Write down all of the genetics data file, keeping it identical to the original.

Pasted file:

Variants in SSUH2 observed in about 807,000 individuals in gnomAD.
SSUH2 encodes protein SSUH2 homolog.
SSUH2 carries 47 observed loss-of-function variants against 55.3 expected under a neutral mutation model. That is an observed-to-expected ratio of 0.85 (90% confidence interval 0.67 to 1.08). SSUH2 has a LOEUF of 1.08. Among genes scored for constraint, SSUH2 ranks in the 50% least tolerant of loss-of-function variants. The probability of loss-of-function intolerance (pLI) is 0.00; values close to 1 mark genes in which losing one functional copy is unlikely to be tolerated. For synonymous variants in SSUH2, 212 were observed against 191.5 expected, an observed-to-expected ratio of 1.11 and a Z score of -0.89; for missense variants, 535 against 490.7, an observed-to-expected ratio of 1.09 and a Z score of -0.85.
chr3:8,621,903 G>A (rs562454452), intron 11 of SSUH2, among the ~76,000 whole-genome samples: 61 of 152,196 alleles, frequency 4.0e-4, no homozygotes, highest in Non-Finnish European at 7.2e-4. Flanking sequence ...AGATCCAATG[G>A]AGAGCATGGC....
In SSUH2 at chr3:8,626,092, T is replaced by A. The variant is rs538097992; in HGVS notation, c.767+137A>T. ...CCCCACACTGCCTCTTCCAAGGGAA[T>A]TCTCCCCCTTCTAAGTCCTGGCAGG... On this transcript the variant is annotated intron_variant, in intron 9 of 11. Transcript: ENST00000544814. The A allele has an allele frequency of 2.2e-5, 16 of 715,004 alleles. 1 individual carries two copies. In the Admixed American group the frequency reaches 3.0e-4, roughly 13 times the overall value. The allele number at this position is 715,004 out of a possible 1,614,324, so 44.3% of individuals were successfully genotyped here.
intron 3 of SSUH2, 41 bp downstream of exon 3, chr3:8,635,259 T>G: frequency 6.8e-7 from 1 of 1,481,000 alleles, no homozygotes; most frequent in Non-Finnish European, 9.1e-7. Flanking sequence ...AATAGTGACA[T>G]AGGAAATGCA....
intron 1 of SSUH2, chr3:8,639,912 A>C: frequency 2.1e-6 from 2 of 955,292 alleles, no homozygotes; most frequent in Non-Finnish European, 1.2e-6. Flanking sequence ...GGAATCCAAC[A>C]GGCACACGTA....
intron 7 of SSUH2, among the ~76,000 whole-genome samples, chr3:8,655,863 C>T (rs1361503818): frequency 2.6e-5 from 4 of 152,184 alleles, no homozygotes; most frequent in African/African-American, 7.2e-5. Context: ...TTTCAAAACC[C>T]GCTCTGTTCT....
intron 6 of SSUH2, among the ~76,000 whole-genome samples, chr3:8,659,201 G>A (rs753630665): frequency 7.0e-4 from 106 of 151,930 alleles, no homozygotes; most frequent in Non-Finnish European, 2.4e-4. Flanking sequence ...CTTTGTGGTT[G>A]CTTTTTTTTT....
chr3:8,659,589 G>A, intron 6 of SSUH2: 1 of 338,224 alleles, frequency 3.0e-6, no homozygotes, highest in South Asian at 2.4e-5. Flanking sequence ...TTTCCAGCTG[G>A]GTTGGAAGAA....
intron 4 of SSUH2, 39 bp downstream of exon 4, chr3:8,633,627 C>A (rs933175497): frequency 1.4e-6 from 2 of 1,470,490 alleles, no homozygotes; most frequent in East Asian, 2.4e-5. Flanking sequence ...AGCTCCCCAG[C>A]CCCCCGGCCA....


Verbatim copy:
Variants in SSUH2 observed in about 807,000 individuals in gnomAD.
SSUH2 encodes protein SSUH2 homolog.
SSUH2 carries 47 observed loss-of-function variants against 55.3 expected under a neutral mutation model. That is an observed-to-expected ratio of 0.85 (90% confidence interval 0.67 to 1.08). SSUH2 has a LOEUF of 1.08. Among genes scored for constraint, SSUH2 ranks in the 50% least tolerant of loss-of-function variants. The probability of loss-of-function intolerance (pLI) is 0.00; values close to 1 mark genes in which losing one functional copy is unlikely to be tolerated. For synonymous variants in SSUH2, 212 were observed against 191.5 expected, an observed-to-expected ratio of 1.11 and a Z score of -0.89; for missense variants, 535 against 490.7, an observed-to-expected ratio of 1.09 and a Z score of -0.85.
chr3:8,621,903 G>A (rs562454452), intron 11 of SSUH2, among the ~76,000 whole-genome samples: 61 of 152,196 alleles, frequency 4.0e-4, no homozygotes, highest in Non-Finnish European at 7.2e-4. Flanking sequence ...AGATCCAATG[G>A]AGAGCATGGC....
In SSUH2 at chr3:8,626,092, T is replaced by A. The variant is rs538097992; in HGVS notation, c.767+137A>T. ...CCCCACACTGCCTCTTCCAAGGGAA[T>A]TCTCCCCCTTCTAAGTCCTGGCAGG... On this transcript the variant is annotated intron_variant, in intron 9 of 11. Transcript: ENST00000544814. The A allele has an allele frequency of 2.2e-5, 16 of 715,004 alleles. 1 individual carries two copies. In the Admixed American group the frequency reaches 3.0e-4, roughly 13 times the overall value. The allele number at this position is 715,004 out of a possible 1,614,324, so 44.3% of individuals were successfully genotyped here.
intron 3 of SSUH2, 41 bp downstream of exon 3, chr3:8,635,259 T>G: frequency 6.8e-7 from 1 of 1,481,000 alleles, no homozygotes; most frequent in Non-Finnish European, 9.1e-7. Flanking sequence ...AATAGTGACA[T>G]AGGAAATGCA....
intron 1 of SSUH2, chr3:8,639,912 A>C: frequency 2.1e-6 from 2 of 955,292 alleles, no homozygotes; most frequent in Non-Finnish European, 1.2e-6. Flanking sequence ...GGAATCCAAC[A>C]GGCACACGTA....
intron 7 of SSUH2, among the ~76,000 whole-genome samples, chr3:8,655,863 C>T (rs1361503818): frequency 2.6e-5 from 4 of 152,184 alleles, no homozygotes; most frequent in African/African-American, 7.2e-5. Context: ...TTTCAAAACC[C>T]GCTCTGTTCT....
intron 6 of SSUH2, among the ~76,000 whole-genome samples, chr3:8,659,201 G>A (rs753630665): frequency 7.0e-4 from 106 of 151,930 alleles, no homozygotes; most frequent in Non-Finnish European, 2.4e-4. Flanking sequence ...CTTTGTGGTT[G>A]CTTTTTTTTT....
chr3:8,659,589 G>A, intron 6 of SSUH2: 1 of 338,224 alleles, frequency 3.0e-6, no homozygotes, highest in South Asian at 2.4e-5. Flanking sequence ...TTTCCAGCTG[G>A]GTTGGAAGAA....
intron 4 of SSUH2, 39 bp downstream of exon 4, chr3:8,633,627 C>A (rs933175497): frequency 1.4e-6 from 2 of 1,470,490 alleles, no homozygotes; most frequent in East Asian, 2.4e-5. Flanking sequence ...AGCTCCCCAG[C>A]CCCCCGGCCA....